Centenary of Armistice 2018

Knitted Poppies in the grounds of the Memorial

Knitted red poppy flowers on the Memorial’s grounds. Each poppy represents an Australian listed on the Memorial’s Roll of Honour.

In November 2018, we commemorate the centenary of the Armistice that ended the First World War (1914-18).

A creative public program at the Australian War Memorial will combine public activities, displays, installations and events for the five week period from 5 October to Remembrance Day, on 11 November 2018.

The centrepiece to the commemorations will be the installation of 62,000 knitted red poppy flowers on the Memorial’s grounds. Each poppy represents an Australian life lost in the First World War, who are individually listed on the Memorial’s Roll of Honour.

Key Events

The following activities will take place for five weeks, from 5 October until 11 November:

  • 62,000 poppies installation including musical experience and night time lighting
  • Special exhibition on the consequences of war
  • Roll of Honour name projections, each night from dusk to dawn
  • Roll of Honour names and ages audio experience, read by primary school children
  • Digital and social media support program allowing Australians to participate in the Memorial’s commemorative activities no matter where they are located

The following activities will take place from 9 November until 11 November (in addition to the activities listed above):

  • Beam of light projected from the parapet of the Memorial to Australian Parliament House
  • Photographic image projections onto the trees within the Memorial grounds

The Remembrance Day National Ceremony will be held on Sunday, 11 November.

Find out more about what’s on at the Australian War Memorial and plan your visit.

62,000 Poppies Display

Central to the Armistice commemorative program is the placement of 62,000 knitted poppy flowers in the Sculpture Garden on the Memorial’s western grounds by the founders of the 5,000 Poppies project . Each poppy in this spectacular and moving display has been created by hand by a volunteer in honour of those Australians killed while serving in the First World War.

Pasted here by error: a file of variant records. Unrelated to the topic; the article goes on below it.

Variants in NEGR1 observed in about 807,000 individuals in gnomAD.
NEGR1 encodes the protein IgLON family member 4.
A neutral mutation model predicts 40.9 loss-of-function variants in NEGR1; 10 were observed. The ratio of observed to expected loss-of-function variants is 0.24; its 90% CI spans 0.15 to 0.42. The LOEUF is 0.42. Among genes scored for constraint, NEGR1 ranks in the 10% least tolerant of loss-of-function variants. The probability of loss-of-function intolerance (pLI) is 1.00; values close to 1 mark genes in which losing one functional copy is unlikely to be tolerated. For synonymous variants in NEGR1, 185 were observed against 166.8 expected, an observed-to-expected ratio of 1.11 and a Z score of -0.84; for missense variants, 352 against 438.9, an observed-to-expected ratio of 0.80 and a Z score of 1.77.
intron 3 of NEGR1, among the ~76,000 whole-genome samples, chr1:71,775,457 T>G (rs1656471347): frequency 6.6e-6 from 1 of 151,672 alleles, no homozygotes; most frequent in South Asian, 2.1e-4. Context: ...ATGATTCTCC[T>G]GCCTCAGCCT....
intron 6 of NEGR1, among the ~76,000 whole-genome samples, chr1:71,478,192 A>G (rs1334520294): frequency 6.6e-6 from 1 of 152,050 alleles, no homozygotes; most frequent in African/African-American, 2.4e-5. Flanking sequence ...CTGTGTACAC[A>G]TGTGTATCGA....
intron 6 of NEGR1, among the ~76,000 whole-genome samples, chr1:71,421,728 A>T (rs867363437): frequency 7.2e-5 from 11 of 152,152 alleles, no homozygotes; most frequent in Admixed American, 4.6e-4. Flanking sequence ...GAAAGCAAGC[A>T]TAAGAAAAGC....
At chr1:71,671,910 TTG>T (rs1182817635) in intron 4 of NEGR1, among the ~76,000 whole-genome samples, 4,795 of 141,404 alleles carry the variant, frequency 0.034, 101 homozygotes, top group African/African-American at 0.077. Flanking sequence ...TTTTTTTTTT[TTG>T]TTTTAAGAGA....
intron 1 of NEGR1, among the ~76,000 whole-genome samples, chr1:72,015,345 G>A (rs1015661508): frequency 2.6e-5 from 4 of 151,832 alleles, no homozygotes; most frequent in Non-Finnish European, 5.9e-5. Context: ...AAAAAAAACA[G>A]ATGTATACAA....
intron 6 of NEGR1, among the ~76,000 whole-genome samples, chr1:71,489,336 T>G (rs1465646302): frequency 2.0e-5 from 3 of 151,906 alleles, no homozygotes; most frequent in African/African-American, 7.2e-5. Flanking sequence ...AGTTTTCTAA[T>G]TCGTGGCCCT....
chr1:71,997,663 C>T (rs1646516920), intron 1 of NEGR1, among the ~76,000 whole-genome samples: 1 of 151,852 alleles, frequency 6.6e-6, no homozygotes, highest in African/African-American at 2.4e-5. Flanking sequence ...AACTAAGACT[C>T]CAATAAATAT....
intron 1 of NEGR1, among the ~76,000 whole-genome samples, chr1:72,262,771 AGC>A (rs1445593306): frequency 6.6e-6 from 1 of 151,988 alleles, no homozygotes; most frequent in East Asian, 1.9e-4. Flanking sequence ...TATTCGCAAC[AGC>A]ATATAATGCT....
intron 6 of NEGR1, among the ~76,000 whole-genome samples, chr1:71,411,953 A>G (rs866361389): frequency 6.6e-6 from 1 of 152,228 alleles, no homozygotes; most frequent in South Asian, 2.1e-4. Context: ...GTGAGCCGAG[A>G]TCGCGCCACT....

Complementing the knitted poppies display is a moving musical program assembled by Memorial artist in residence Chris Latham.

This is a free event. Night time lighting will allow visitors to access the display through to 10pm each day. The Commemorative Area and Roll of Honour will also be open to the public for a select number of evenings throughout this period.

 

poppies in the Memorial grounds

Remembrance Day 2018

Remembrance Day has a special significance in 2018, marking the centenary of the Armistice which ended the First World War.

The Remembrance Day National Ceremony 2018 includes a formal wreathlaying, and Australia’s Federation Guard and the Band of the Royal Military College, Duntroon will be on parade.

Free tickets for the Remembrance Day National Ceremony will be available to book online from October 2018. 

The Remembrance Day Last Post ceremony will include the delivery of the Eulogy of the Unknown Australian Soldier.

For further enquiries please email: ceremony@awm.gov.au

The Armistice of Compiègne between the Allies and Germany came into effect at 11am on the 11 November 1918. The guns fell silent on the Western Front and after more than four years of unimaginable bloodshed and destruction, the war was finally over.

large crowds gathered in capital cities to celebrate the end of conflict

At home in Australia, large crowds gathered in capital cities to celebrate the end of conflict.

The Armistice of 1918

After several months of hard fighting on the Western Front, the Allies finally broke through the Hindenburg Line on 29 September 1918. The German army was beaten and within weeks came the Armistice.

The Armistice of Compiègne between the Allies and Germany came into effect at 11am on the 11 November 1918. The guns fell silent on the Western Front and after more than four years of unimaginable bloodshed and destruction, the war was finally over. At home in Australia, large crowds gathered in capital cities to celebrate the end of conflict.

The Armistice paved the way for the signing of a formal peace treaty, the Treaty of Versailles, and the end of the war six months later. On 28 June 1919, the treaty was signed in the Hall of Mirrors at the Palace of Versailles, with Australian Prime Minister William Morris (Billy) Hughes and Deputy Prime Minister Joseph Cook adding their signatures on Australia’s behalf.

After the Second World War, Armistice Day became Remembrance Day, a time to commemorate war dead from all conflicts. Learn more about the Origins of Remembrance Day.